Operant & Classical Conditioning for Dog Aggressionby Maggie Bradburn
When your dog demonstrates aggressive behavior, you need to take immediate action to mitigate the behavior before it continues or escalates. Two training methodologies are recommended eliminate aggression: operant conditioning and classical conditioning. In both cases, the focus is not on punishing aggressive behavior. Instead, the focus is on replacing undesirable behavior with a more desirable behavior.
Dogs display aggressive behavior for a range of reasons. Provocation or antagonization can make a dog become aggressive. Likewise, some dogs who are afraid of certain stimuli can become aggressive. The first step in dealing with aggression is identifying two things: What triggers your dog to become aggressive, and what his aggression signals are. Examples are baring teeth, growling, body stiffening, and other behaviors.
Operant conditioning hinges on the idea that animals will learn to behave in a manner that earns them a reward and helps them avoid punishment. The dog forms an association between a behavior and a consequence. When a dog faces a stimulus that causes aggression and he does not react, you give him a reward -- usually praise and a dog treat. For this to work, the dog must be presented with the stimulus from a distance at first. The distance depends on the stimulus and the dog's usual reaction, but the goal is to start with the dog and the stimulus far enough apart that the dog does not react. Reward the dog for not reacting. Then, gradually move the stimulus closer. Each time the dog doesn't react, he earns a reward. If he does react, move away from the stimulus and try again.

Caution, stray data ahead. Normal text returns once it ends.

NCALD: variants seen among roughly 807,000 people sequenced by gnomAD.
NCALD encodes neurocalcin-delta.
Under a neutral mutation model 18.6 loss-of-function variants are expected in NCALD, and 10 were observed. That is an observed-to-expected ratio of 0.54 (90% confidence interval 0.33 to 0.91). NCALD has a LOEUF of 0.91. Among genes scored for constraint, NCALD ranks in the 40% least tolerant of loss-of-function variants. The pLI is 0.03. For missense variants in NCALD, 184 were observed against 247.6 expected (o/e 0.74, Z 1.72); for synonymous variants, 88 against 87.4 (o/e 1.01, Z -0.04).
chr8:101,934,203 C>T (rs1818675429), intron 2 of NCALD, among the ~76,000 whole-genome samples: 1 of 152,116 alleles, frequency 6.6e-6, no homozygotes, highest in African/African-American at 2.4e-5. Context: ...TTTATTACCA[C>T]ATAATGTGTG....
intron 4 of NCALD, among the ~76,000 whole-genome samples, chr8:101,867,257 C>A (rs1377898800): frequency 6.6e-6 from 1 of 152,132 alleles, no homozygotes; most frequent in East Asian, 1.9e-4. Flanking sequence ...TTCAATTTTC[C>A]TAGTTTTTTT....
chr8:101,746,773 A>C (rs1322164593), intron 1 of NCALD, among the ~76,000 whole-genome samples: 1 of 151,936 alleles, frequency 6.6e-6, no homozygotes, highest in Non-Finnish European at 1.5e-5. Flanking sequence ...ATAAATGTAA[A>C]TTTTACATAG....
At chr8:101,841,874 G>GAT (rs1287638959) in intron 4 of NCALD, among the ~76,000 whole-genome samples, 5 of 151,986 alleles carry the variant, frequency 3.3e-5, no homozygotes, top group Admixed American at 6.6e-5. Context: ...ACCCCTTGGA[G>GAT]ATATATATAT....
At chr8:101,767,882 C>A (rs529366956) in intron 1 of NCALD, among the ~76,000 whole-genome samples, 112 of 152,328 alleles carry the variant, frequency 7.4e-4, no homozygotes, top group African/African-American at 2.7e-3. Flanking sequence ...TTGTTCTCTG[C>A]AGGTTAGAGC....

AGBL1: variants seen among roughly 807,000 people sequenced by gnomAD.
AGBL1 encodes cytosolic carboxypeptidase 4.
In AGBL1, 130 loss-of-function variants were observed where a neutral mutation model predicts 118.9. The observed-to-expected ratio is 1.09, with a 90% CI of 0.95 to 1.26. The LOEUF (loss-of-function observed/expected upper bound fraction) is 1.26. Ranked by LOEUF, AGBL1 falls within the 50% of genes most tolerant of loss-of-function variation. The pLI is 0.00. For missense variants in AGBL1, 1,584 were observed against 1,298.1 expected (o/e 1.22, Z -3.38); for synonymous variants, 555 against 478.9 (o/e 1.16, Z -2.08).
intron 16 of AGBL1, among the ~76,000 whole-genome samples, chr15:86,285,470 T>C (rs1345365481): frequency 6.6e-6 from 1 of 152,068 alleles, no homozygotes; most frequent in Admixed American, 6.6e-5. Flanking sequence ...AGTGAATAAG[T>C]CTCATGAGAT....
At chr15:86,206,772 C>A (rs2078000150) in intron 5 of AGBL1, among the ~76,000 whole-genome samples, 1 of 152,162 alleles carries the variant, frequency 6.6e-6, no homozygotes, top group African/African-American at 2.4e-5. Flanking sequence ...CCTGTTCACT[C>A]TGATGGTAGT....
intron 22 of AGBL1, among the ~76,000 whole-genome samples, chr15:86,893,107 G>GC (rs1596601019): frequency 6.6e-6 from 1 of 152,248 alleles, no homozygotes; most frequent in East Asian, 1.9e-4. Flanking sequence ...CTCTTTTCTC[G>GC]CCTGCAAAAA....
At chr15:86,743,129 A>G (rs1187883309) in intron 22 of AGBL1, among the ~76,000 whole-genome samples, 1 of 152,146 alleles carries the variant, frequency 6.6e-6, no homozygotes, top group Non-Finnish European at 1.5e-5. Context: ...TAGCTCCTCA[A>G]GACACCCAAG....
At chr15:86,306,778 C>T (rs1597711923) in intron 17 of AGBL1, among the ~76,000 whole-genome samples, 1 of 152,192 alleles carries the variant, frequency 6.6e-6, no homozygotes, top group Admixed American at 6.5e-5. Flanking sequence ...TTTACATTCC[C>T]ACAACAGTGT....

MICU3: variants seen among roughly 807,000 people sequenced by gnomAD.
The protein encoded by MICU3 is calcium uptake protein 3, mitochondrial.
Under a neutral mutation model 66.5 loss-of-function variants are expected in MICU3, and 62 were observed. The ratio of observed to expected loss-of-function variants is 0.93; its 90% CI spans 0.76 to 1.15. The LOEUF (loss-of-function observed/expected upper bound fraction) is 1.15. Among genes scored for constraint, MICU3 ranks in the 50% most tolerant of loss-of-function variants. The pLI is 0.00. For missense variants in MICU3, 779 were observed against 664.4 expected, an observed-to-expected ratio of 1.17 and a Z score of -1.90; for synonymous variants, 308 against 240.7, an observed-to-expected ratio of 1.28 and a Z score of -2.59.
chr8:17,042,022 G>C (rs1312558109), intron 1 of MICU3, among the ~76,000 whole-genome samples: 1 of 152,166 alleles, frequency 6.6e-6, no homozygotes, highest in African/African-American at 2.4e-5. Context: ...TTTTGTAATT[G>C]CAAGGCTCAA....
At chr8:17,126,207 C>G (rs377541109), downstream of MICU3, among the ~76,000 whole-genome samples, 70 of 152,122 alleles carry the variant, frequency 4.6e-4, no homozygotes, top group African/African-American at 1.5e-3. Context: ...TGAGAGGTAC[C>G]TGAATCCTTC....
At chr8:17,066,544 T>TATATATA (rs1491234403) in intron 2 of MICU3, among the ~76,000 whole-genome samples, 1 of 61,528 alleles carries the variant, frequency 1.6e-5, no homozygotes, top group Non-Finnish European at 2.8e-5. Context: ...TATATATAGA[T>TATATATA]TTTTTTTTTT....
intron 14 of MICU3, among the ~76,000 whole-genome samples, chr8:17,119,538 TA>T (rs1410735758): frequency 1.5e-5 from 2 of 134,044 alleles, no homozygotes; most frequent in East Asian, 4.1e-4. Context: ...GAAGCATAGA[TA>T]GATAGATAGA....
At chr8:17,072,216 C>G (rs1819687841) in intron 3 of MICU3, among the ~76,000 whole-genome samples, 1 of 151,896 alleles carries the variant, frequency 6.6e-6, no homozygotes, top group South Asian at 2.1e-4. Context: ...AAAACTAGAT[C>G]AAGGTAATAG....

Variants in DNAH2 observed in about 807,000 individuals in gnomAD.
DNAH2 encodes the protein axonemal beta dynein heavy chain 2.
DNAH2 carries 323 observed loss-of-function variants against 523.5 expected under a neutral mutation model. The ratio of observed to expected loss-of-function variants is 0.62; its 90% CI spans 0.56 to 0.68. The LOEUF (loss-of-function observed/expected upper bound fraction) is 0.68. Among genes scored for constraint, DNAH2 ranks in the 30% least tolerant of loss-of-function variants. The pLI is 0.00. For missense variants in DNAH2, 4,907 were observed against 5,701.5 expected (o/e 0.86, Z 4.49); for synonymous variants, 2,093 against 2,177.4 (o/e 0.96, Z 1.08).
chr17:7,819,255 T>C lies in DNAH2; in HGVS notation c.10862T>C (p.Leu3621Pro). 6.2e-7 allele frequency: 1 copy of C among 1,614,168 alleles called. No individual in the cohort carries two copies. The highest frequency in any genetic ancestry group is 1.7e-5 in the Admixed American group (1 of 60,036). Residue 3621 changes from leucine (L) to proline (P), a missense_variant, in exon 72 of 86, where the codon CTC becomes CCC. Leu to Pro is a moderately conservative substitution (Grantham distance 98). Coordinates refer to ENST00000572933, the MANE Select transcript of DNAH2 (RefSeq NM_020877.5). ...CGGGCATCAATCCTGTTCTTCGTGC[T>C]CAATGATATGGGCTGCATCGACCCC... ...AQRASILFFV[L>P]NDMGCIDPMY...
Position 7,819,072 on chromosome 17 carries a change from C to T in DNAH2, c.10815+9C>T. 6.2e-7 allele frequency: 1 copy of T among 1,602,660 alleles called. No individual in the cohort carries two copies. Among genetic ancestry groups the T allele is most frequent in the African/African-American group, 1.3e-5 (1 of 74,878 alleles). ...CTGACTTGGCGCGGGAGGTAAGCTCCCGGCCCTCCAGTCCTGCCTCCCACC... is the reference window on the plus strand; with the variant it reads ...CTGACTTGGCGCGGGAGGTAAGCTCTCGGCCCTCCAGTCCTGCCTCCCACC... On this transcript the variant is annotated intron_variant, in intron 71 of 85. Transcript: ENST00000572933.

Classical conditioning creates an automatic response to a stimulus. The best example of this is the well-known experiment with Pavlov's dogs. His dogs learned that a ringing bell brought dinner, so they would salivate when they heard the bell. With aggressive dogs, the goal is to create an automatic response when the dog is faced with the stimulus that causes aggression. For example, a dog that becomes aggressive in the presence of other dogs should be taught to sit anytime he sees another dog. When he sits -- instead of reacts to the stimulus -- he earns a reward. Over time, with repetition, eventually the dog learns that sitting when he sees another dog earns him a reward, while acting aggressive does not.
Handling an aggressive dog takes skill and experience. If your dog displays signs of aggression, you can change that behavior. However, it is imperative that you work with a qualified, professional dog trainer. Seek out a trainer who uses positive reinforcement. Avoid trainers who use physical corrections. In a University of Pennsylvania School of Veterinary Medicine study published in early 2009, researchers found that type of training can actually exacerbate aggression. If not addressed immediately, aggression can escalate. Work with a trainer at the first sign of aggression.
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